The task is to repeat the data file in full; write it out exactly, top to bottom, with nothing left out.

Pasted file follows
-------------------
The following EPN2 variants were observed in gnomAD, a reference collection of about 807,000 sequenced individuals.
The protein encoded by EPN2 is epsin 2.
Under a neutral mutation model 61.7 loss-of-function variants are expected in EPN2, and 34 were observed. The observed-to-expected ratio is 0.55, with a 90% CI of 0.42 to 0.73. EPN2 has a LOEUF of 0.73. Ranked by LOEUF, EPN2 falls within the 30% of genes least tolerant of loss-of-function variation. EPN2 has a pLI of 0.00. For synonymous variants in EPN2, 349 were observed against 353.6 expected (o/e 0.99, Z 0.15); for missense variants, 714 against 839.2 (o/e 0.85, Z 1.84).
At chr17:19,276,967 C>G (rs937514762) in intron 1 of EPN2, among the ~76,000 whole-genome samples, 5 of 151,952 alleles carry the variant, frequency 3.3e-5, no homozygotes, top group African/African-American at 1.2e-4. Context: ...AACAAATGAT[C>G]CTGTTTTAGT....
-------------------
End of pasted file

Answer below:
The following EPN2 variants were observed in gnomAD, a reference collection of about 807,000 sequenced individuals.
The protein encoded by EPN2 is epsin 2.
Under a neutral mutation model 61.7 loss-of-function variants are expected in EPN2, and 34 were observed. The observed-to-expected ratio is 0.55, with a 90% CI of 0.42 to 0.73. EPN2 has a LOEUF of 0.73. Ranked by LOEUF, EPN2 falls within the 30% of genes least tolerant of loss-of-function variation. EPN2 has a pLI of 0.00. For synonymous variants in EPN2, 349 were observed against 353.6 expected (o/e 0.99, Z 0.15); for missense variants, 714 against 839.2 (o/e 0.85, Z 1.84).
At chr17:19,276,967 C>G (rs937514762) in intron 1 of EPN2, among the ~76,000 whole-genome samples, 5 of 151,952 alleles carry the variant, frequency 3.3e-5, no homozygotes, top group African/African-American at 1.2e-4. Context: ...AACAAATGAT[C>G]CTGTTTTAGT....